New 2020 RMD Withdrawal and Redeposit Rules

Posted May 6, 2020

In March, the Corona Aid, Relief, and Economic Security (CARES) Act was passed to provide relief to individuals, small businesses, medical organizations and government entities. Although the CARES Act is best known for the stimulus check provision and Paycheck Protection Program (PPP) loans, it also included a provision to waive the required minimum distribution (RMD) requirement for 2020.

What plans are covered?

The waiver of the RMD applies to a broad range of retirement accounts, including IRA accounts; SEP and SIMPLE IRAs; defined contribution plan accounts under 401(a), 401(k), 403(a), and 403(b); and governmental 457(b) plans. The waiver also extends to RMD for inherited IRA accounts.

What individuals are affected?

The provision suspends RMD rules for any distribution required during 2020. ┬áThis includes (1) individuals who normally have an RMD in 2020, (2) individuals who turned 70-1/2 in 2019 and waited to take their first RMD in 2020, and (3) older retirees whose first RMD is required in 2020 rather than prior years when they met the “still-working” exception.

How to fix an unwanted RMD

Since the Act was passed in March, some retirees have already taken RMDs for 2020. For some, the RMDs are needed, but others may wish the Act had passed sooner and they would not have taken the distribution. Fortunately, if an RMD was taken but not wanted, there are a number of ways to fix it.

  1. If the RMD was recently withdrawn, it can be returned to the retirement account from which it was withdrawn or rolled into another eligible retirement account within 60 days after funds were received.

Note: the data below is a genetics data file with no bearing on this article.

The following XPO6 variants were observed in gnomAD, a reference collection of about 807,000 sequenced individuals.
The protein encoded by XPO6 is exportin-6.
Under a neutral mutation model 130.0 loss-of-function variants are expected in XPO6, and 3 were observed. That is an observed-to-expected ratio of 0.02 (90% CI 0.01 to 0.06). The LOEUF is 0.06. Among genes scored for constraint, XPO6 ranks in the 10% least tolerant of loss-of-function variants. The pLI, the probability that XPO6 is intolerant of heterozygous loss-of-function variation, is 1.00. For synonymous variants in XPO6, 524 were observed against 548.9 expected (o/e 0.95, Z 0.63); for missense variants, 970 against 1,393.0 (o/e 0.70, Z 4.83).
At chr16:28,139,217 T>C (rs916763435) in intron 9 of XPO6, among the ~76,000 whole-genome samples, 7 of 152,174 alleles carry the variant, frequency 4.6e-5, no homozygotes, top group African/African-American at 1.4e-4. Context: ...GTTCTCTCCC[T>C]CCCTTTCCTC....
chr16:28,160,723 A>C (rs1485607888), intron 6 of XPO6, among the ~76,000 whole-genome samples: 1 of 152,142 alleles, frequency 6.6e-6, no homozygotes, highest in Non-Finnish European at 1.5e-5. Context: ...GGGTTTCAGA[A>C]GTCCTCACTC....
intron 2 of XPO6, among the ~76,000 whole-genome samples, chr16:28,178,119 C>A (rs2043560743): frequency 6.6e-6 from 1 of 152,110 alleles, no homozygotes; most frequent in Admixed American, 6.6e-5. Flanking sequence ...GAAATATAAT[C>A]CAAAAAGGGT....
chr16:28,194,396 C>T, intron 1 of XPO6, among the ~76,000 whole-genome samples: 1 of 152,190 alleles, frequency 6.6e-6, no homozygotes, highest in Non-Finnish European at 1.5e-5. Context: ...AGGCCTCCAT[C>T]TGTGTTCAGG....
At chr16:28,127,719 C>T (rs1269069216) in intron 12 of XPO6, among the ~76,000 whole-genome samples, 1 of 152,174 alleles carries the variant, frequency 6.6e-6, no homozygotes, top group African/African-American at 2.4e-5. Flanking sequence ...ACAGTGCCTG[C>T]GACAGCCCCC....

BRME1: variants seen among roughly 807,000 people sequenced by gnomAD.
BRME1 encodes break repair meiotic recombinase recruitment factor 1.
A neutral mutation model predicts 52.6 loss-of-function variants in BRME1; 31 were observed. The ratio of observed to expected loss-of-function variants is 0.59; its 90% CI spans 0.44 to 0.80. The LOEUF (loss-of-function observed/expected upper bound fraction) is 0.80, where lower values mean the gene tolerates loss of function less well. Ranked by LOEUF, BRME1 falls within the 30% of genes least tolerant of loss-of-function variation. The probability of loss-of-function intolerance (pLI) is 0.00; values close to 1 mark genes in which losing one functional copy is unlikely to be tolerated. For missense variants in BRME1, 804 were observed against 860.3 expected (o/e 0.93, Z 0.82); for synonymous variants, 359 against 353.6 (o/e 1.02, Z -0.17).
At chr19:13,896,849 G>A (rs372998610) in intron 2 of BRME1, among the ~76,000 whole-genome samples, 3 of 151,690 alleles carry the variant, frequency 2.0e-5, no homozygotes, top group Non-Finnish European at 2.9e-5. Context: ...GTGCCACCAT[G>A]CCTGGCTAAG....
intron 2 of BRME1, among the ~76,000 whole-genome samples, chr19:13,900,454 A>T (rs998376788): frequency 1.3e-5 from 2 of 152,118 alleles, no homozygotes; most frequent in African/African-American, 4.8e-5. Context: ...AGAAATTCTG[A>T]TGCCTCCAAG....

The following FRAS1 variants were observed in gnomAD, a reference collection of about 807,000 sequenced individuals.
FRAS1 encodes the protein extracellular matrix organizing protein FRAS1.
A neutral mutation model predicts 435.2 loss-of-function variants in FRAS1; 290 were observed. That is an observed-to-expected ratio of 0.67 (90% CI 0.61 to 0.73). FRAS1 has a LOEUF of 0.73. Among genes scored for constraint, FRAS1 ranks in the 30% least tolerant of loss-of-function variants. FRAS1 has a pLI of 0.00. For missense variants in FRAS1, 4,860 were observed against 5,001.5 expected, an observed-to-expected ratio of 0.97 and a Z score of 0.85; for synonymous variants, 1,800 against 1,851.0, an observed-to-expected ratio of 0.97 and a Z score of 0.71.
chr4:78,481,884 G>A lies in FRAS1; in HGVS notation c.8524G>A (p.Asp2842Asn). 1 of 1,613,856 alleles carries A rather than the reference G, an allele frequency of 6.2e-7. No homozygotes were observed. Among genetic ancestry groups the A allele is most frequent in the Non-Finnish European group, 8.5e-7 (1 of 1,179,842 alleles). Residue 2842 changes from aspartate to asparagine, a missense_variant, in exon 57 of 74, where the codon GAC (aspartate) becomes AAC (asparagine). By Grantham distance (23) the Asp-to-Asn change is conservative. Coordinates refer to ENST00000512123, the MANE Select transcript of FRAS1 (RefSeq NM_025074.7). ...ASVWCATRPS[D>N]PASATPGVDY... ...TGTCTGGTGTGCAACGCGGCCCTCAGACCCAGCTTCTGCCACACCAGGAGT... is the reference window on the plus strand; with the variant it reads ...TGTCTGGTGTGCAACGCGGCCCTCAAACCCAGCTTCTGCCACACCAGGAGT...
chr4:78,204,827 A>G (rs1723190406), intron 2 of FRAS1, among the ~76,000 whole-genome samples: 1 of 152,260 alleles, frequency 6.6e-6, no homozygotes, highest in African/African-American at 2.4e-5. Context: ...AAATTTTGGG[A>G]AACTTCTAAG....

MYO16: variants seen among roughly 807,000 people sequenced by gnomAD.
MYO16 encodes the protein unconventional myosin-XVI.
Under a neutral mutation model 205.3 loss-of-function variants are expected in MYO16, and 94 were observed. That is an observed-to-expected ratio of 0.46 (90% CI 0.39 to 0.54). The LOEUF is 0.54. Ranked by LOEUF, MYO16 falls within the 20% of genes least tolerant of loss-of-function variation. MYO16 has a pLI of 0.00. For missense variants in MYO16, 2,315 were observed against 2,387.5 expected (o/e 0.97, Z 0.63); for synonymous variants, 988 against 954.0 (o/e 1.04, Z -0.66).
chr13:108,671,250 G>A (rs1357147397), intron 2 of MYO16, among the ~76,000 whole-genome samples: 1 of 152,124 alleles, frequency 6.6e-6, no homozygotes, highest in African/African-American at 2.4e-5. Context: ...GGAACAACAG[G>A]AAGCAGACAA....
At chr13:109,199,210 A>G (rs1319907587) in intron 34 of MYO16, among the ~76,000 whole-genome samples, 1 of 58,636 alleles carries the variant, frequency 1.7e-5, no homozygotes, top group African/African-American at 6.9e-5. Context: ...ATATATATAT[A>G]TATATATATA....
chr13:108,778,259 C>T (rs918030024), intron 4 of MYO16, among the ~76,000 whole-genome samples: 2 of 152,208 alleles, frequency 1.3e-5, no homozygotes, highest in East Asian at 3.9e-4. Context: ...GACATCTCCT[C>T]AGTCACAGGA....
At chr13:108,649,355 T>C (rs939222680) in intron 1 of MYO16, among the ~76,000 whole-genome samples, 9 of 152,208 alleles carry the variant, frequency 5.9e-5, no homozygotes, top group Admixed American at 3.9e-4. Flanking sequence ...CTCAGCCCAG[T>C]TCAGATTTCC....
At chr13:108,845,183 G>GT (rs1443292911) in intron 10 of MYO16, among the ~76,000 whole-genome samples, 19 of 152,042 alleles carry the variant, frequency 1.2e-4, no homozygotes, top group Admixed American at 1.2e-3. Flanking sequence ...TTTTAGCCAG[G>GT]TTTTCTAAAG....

2. Distributions taken on or after February 1, 2020, can be redeposited on or before July 15, 2020.
  3. Impacted individuals can treat the RMD as a Coronavirus-related distribution and have up to 3 years to re-pay the distribution. “Impacted” is defined as either (1) the taxpayer, their spouse, or a dependent must be diagnosed positive for COVID-19, (2) individual experienced a financial hardship due to being laid off or furloughed or being unable to work because of a lack of childcare options, or (3) a business owner required to completely or partially shut down operations during the pandemic.

Non-spousal beneficiaries of inherited retirement accounts are not eligible to do a rollover and thus, once an RMD is taken for 2020, it cannot be returned unless they qualify as Coronavirus related distributions to be returned within 3 years.

IRA account owners are restricted by a once-per-year rollover rule so those who completed a rollover within the past 365 days or received their RMD in installments might not be able to give back their unwanted RMD.

For questions or assistance with your 2020 RMD planning, please contact us.